During the winter of discontent of 1978 and 1979, more than 2000 strikes took place. Collective union actions won wage settlements, but lost popular support for working-class politics. Similarly in 1990, the poll tax riots and demonstrations led to the demise of the unpopular tax and its replacement with the current council tax system.
These two people-driven events both led to political change, and also coincided with the arrival and then departure of Conservative Prime Minister Margaret Thatcher. Thatcher’s tenure was also associated with numerous public protests and industrial disputes including the Clause 28 protests, the miners strike, student loan protests, the Greenham Common protest as well as many other battles to preserve the welfare state and workers’ rights that were perceived to be under threat from the neoliberal ideals which had been adopted by Thatcher’s government.
Even today people look back upon Thatcher’s legacy with a visceral loathing of what she stood for and what she did to this country. Nowhere more was this evidenced than in the demonstrations that took place upon her death in 2013.
Whatever your political beliefs, it is clear that these protests had an impact. And they all had something in common. They all involved in-person activism. Whether it was in the form of rallies, marches, strikes, picket lines or political speeches, they all required the workforce, the public and the unions to turn out in numbers to show their dissatisfaction.
Saturday’s rally saw hundreds gather to listen to the grievances of strikers and supporters of current disputes, followed by a march through the city, ending at Piccadilly Gardens. Warnings were given from speakers about the increasing privatisation and running down of the NHS, the ongoing degradation of the railways, and the attack on workers’ rights and their ability to even take strike action.
John Waddington, GMB rep for the private sector company Polyflor, urged those in the public sector not to give up with their wage demands following the Polyflor workers’ successful outcome with their wage dispute.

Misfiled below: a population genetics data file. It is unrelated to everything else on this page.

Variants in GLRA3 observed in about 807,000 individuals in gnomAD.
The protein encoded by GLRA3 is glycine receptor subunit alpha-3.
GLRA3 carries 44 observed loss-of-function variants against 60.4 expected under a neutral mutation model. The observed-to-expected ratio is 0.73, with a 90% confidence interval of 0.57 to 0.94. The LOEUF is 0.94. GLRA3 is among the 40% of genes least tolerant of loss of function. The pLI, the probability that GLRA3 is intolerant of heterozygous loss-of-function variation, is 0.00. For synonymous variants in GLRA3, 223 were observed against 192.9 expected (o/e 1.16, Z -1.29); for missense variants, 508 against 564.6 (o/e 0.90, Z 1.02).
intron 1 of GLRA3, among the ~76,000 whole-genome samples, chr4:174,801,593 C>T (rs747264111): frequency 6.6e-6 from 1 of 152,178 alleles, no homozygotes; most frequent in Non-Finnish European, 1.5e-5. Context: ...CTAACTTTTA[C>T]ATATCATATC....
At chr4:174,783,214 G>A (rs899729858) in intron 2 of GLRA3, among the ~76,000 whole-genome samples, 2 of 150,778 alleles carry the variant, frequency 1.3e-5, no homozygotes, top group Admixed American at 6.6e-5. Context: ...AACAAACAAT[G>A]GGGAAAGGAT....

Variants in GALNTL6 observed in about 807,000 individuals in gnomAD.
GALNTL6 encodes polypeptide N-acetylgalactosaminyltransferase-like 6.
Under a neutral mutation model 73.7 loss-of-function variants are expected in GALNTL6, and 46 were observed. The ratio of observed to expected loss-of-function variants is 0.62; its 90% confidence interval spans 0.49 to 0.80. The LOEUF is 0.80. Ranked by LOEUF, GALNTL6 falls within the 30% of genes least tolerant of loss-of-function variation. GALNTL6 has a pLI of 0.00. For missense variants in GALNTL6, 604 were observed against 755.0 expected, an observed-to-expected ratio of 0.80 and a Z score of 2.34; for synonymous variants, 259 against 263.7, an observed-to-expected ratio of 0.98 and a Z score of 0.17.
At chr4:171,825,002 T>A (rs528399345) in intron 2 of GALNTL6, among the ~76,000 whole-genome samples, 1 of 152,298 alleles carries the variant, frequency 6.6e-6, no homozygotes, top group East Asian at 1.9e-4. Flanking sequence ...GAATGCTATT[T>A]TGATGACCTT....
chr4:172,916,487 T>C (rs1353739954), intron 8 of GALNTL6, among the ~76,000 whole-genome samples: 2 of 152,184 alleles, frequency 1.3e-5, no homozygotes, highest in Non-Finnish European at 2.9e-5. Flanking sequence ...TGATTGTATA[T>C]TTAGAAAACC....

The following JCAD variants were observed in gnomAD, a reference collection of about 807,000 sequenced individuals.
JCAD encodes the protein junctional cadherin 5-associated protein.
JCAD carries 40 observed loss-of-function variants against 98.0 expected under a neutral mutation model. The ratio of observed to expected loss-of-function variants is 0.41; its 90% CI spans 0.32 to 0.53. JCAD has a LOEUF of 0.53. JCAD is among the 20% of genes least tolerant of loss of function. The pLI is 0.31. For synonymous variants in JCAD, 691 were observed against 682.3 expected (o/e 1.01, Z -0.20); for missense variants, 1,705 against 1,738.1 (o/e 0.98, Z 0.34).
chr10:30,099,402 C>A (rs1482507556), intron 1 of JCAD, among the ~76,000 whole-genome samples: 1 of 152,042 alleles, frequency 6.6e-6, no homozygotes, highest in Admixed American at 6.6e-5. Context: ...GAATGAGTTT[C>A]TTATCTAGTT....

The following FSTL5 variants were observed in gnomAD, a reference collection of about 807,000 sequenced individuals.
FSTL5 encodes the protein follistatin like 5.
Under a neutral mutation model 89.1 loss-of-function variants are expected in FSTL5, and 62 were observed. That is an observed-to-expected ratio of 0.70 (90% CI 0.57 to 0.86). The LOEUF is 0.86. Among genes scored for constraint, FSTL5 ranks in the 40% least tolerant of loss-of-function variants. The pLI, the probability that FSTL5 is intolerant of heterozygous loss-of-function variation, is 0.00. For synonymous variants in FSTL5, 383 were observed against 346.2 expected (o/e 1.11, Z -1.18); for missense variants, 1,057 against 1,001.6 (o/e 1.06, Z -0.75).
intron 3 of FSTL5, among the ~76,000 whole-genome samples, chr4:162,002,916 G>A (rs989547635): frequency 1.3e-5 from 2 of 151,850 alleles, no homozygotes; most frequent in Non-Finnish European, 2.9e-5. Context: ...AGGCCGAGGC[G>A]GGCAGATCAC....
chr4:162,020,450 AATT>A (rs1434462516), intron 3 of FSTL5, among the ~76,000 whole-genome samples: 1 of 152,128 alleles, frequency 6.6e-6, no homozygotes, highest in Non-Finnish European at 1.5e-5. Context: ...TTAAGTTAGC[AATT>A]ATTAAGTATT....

“Our industrial action has come to an end. We got virtually what we set out for. I listen to these derisory offers that are being offered to the private sector workers – 3, 4, and 5%. We settled for 9% and a big nice lump sum to go with it.
“It took all-out industrial action. If we can do it, the public service workers can do it. The one thing I would say is you need to dig in. These one-day actions? Don’t do it! Arrange a national day for a strike. Get all the unions together, that will put the wind up them.”
Karen Buckley, People’s Assembly Manchester convenor, called for more in-person involvement to preserve workers’ rights, conditions and freedoms from the neoliberal agenda of the current government.
“The government are only interested in profiteering. There is a lot they could do to help the economy so there would be enough money. Taxing the rich and redistributing the wealth through public spending and social ownership, increasing capital gains [tax] and outlawing tax avoidance are just a few things they could do if there was a political will.”
Buckley, however, stressed this government had no such will. She insisted that, even with the Tories increasing authoritarian neoliberal stance, the power still rested in the collective hands of the majority.
She highlighted the need for people to become actively involved in person with demonstrations, unions and picket lines.
“People are talking about coordinated strikes. The danger is that the workers compromise too much. We have a government that wants a deregulated economy and we are facing the potential of new laws which will undermine the ability to take strike action and bankrupt unions that break the new restrictive laws.
“This is not just for decent jobs but for decent public services. This is an ideological struggle as well as an economic struggle.”
Buckley had a message for those who agree with the sentiments but have yet to be actively involved.
“I would urge everybody to join a union and be active in their union and community. Social media has its uses but it’s limited. We don’t want people to just sit at home. If we don’t get organised and get out on the streets and be visible, the government will think we are just passive and don’t care and bring in more and more oppressive laws. We need action.”
The end of the day saw the crowd reconvene for a solidarity fundraiser at the Peer Hat where musicians and a meal supplied by the Gaskell Garden Project helped raise money for the ongoing strike support funds for the local RMT, CWU and RCN.
As we reported previously, the January strike dates timetable is already established, and further ballots for industrial action are taking place by junior doctors, school staff and firefighters later this month. For those that want to win the fight for decent pay, public services and workers’ rights, the call for individual and collective action has been made.
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All images: Gary Roberts